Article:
A wonderfully talented British film producer named Richard Curtis agreed to do an interview with me for a Leadership Summit session. In addition to writing and producing some of the best romantic comedies ever, he’s also the brains behind the inception of Comic Relief UK, which last year surpassed the billion-dollar mark in terms of monies raised to fight extreme poverty. Amazing.
During our interview, Richard said something interesting about what it was like to get Comic Relief off the ground. He had been to Africa in the late 1980s and had seen firsthand the atrocities unfolding all around. He returned to England determined to give the next twenty-five years of his life to fighting disease and poverty and injustice.
The only thing he’d ever done professionally was to work with comedians and comedic scripts, so he decided he’d launch a wildly entertaining and hilarious telethon that would try to raise funds for those who were dying in Africa. “People thought we were crazy,” he explained during our interview. “We were doing comedy and tragedy simultaneously, you might say, and the television executives didn’t really have a category for that. But we knew the audience would respond, and well they did.”
As I sat there listening to Richard recount his story, I couldn’t help but smile. The guy had taken a flyer, and just as my experience could attest, many flyers wind up reaping huge rewards.
Throughout the course of his life, my dad built several different businesses but in doing so would always differentiate between “betting the farm” and “taking a flyer.”
“If you bet the farm too many times, Billy,” he’d say, “you’ll eventually lose the farm. But if you take a flyer once in a while, you’ll very likely come up with a breakthrough that could serve you well for a long, long time.” We take flyers. We don’t bet the farm. This was one of my dad’s many mottos that has stayed with me my entire leadership career.
In the three-plus decades I’ve led Willow, I can honestly say that I have never bet the farm. Stories often surface about pastors who bet the farm and had things go right for them, but I never envy their gains or seek to emulate their decision making, because someday, if they keep rolling the dice, they’ll lose the kingdom farm.
So from day one, I was determined to abide by my dad’s flyer/farm policy. And wouldn’t you know it: as far as Willow’s experience is concerned, my dad’s wisdom has been proven right. Over the years, we rolled out a highly controversial but extremely effective “seeker-sensitive” service. We incorporated the use of arts in worship services. We pioneered a new way to do small groups. We started a CARS ministry and a food pantry and a Spanish-speaking congregation. We employed team teaching from the main pulpit. We launched regional campuses. And just like Richard Curtis said, people thought we were crazy every single time.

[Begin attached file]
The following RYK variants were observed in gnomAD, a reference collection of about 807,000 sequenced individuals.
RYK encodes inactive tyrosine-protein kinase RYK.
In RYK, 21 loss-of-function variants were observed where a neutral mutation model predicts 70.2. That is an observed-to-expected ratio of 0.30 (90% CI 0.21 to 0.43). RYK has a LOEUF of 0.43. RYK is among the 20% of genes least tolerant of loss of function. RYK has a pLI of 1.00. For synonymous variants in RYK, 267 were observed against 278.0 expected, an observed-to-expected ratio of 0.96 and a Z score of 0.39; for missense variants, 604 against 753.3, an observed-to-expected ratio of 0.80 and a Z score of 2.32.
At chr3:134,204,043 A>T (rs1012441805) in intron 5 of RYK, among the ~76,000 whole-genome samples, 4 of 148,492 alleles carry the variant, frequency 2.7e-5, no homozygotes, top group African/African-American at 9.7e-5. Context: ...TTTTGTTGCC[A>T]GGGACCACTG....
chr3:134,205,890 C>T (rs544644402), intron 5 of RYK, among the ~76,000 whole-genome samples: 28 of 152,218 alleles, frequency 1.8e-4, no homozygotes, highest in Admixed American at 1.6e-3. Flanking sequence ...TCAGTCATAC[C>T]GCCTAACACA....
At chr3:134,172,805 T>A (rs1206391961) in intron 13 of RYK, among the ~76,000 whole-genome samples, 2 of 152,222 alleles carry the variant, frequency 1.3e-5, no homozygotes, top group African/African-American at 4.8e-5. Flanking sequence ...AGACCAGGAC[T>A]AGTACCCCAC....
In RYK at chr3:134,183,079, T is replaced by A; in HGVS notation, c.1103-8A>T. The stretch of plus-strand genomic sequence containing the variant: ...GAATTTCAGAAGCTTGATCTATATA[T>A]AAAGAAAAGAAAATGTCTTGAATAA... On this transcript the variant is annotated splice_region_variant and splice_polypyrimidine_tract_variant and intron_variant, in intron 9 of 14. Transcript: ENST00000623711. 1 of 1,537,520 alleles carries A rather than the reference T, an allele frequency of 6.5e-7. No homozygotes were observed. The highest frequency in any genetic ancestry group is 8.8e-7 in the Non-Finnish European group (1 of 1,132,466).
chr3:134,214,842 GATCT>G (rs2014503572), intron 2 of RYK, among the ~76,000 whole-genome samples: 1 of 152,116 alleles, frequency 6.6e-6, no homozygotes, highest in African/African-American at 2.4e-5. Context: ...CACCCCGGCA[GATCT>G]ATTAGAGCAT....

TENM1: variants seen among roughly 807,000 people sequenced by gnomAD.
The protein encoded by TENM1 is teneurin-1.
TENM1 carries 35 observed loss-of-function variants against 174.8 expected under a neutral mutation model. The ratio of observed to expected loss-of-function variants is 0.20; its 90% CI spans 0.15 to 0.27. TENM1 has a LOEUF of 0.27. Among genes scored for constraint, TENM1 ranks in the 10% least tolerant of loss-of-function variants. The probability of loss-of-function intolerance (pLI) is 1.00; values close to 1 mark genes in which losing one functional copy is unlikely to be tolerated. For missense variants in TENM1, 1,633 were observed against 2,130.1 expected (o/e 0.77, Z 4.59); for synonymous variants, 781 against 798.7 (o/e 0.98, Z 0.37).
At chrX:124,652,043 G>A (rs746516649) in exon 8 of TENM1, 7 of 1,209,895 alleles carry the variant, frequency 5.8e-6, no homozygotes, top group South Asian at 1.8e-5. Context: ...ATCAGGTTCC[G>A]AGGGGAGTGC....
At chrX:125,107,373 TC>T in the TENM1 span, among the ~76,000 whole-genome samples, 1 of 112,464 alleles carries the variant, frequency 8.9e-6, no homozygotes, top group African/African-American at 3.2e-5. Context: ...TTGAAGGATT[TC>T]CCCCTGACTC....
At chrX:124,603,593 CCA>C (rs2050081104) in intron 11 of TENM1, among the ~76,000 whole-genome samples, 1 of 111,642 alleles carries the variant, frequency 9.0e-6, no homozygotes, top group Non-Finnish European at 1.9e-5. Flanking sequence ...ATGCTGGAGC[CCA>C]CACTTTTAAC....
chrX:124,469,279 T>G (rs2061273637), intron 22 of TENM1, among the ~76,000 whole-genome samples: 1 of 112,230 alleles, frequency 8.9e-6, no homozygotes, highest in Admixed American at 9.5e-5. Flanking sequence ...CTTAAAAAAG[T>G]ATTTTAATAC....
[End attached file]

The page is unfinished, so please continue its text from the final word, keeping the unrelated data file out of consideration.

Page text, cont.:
Until these flyers worked.
In the course of a given month, I connect with probably a dozen local church pastors who want coaching or training in one aspect of leadership or another. On some occasions, they’ll have me take a sneak peek at a strategic ministry plan they’re about to roll out to their board or senior staff. And more times than not, I eyeball the plan and hand it back to them with a playful but dramatic yawn.
“Are you serious?” I ask.
After they affirm that indeed, they are serious, the next words out of my mouth are usually something like, “So let me get this straight: between now and next Christmas, you’ve got a grand total of nothing planned that is going to capture your congregation’s imagination? I think you might be overdue for a flyer!”
I tell them that I think it might be time to get some of their church’s fired-up Christ-followers in a room and ask what bold move they would make next ministry season if they knew that God would anoint it and bless it. “When God gives clarity to you,” I continue, “thank him sincerely, figure out how to implement the move strategically in the life of your church, and then watch what God does!”
My advice to them is my advice to you too, if your setting could stand a few sparks of God-ordained excitement: Take a flyer! It will keep you young, build your faith, and perhaps yield the breakthrough you need.
Hybels, B. (2008). Axiom: powerful leadership proverbs. Grand Rapids, MI: Zondervan.
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